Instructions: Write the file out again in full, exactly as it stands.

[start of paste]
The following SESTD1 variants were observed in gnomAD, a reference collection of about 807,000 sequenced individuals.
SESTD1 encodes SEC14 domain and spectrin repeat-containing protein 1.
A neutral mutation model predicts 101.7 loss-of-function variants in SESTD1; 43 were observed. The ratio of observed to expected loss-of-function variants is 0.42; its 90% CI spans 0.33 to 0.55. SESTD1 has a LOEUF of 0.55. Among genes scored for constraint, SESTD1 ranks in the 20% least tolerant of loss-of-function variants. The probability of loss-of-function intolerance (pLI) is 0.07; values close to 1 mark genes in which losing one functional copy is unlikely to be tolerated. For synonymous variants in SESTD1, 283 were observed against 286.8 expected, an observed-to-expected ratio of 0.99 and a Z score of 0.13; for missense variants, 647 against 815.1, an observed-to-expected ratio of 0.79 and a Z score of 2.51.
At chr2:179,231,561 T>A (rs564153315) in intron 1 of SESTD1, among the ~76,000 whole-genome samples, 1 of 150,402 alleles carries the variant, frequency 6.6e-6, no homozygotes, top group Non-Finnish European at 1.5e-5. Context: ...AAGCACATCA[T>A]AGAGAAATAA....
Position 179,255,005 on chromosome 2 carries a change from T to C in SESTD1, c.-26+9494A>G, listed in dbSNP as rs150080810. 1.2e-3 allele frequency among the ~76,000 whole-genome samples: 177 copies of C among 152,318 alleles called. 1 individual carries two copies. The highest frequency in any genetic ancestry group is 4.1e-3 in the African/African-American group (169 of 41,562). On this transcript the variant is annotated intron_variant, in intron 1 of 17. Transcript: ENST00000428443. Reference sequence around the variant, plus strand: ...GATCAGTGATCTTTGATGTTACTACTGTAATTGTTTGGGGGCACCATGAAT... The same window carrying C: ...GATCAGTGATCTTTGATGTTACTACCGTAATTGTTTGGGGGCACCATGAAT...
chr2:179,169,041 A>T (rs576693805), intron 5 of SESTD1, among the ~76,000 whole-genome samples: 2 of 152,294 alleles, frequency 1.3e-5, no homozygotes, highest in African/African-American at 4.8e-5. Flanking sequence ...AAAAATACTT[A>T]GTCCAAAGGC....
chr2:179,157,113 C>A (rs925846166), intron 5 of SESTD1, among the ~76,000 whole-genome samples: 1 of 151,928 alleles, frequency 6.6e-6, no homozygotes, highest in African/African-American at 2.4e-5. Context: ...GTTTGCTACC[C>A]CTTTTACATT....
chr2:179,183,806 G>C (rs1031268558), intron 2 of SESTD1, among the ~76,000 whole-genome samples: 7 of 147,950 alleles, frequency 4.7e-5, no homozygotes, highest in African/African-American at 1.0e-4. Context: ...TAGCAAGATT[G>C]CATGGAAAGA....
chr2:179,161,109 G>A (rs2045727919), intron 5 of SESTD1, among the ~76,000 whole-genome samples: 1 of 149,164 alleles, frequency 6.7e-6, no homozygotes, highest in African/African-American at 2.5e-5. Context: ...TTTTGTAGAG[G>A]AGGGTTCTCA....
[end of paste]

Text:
The following SESTD1 variants were observed in gnomAD, a reference collection of about 807,000 sequenced individuals.
SESTD1 encodes SEC14 domain and spectrin repeat-containing protein 1.
A neutral mutation model predicts 101.7 loss-of-function variants in SESTD1; 43 were observed. The ratio of observed to expected loss-of-function variants is 0.42; its 90% CI spans 0.33 to 0.55. SESTD1 has a LOEUF of 0.55. Among genes scored for constraint, SESTD1 ranks in the 20% least tolerant of loss-of-function variants. The probability of loss-of-function intolerance (pLI) is 0.07; values close to 1 mark genes in which losing one functional copy is unlikely to be tolerated. For synonymous variants in SESTD1, 283 were observed against 286.8 expected, an observed-to-expected ratio of 0.99 and a Z score of 0.13; for missense variants, 647 against 815.1, an observed-to-expected ratio of 0.79 and a Z score of 2.51.
At chr2:179,231,561 T>A (rs564153315) in intron 1 of SESTD1, among the ~76,000 whole-genome samples, 1 of 150,402 alleles carries the variant, frequency 6.6e-6, no homozygotes, top group Non-Finnish European at 1.5e-5. Context: ...AAGCACATCA[T>A]AGAGAAATAA....
Position 179,255,005 on chromosome 2 carries a change from T to C in SESTD1, c.-26+9494A>G, listed in dbSNP as rs150080810. 1.2e-3 allele frequency among the ~76,000 whole-genome samples: 177 copies of C among 152,318 alleles called. 1 individual carries two copies. The highest frequency in any genetic ancestry group is 4.1e-3 in the African/African-American group (169 of 41,562). On this transcript the variant is annotated intron_variant, in intron 1 of 17. Transcript: ENST00000428443. Reference sequence around the variant, plus strand: ...GATCAGTGATCTTTGATGTTACTACTGTAATTGTTTGGGGGCACCATGAAT... The same window carrying C: ...GATCAGTGATCTTTGATGTTACTACCGTAATTGTTTGGGGGCACCATGAAT...
chr2:179,169,041 A>T (rs576693805), intron 5 of SESTD1, among the ~76,000 whole-genome samples: 2 of 152,294 alleles, frequency 1.3e-5, no homozygotes, highest in African/African-American at 4.8e-5. Flanking sequence ...AAAAATACTT[A>T]GTCCAAAGGC....
chr2:179,157,113 C>A (rs925846166), intron 5 of SESTD1, among the ~76,000 whole-genome samples: 1 of 151,928 alleles, frequency 6.6e-6, no homozygotes, highest in African/African-American at 2.4e-5. Context: ...GTTTGCTACC[C>A]CTTTTACATT....
chr2:179,183,806 G>C (rs1031268558), intron 2 of SESTD1, among the ~76,000 whole-genome samples: 7 of 147,950 alleles, frequency 4.7e-5, no homozygotes, highest in African/African-American at 1.0e-4. Context: ...TAGCAAGATT[G>C]CATGGAAAGA....
chr2:179,161,109 G>A (rs2045727919), intron 5 of SESTD1, among the ~76,000 whole-genome samples: 1 of 149,164 alleles, frequency 6.7e-6, no homozygotes, highest in African/African-American at 2.5e-5. Context: ...TTTTGTAGAG[G>A]AGGGTTCTCA....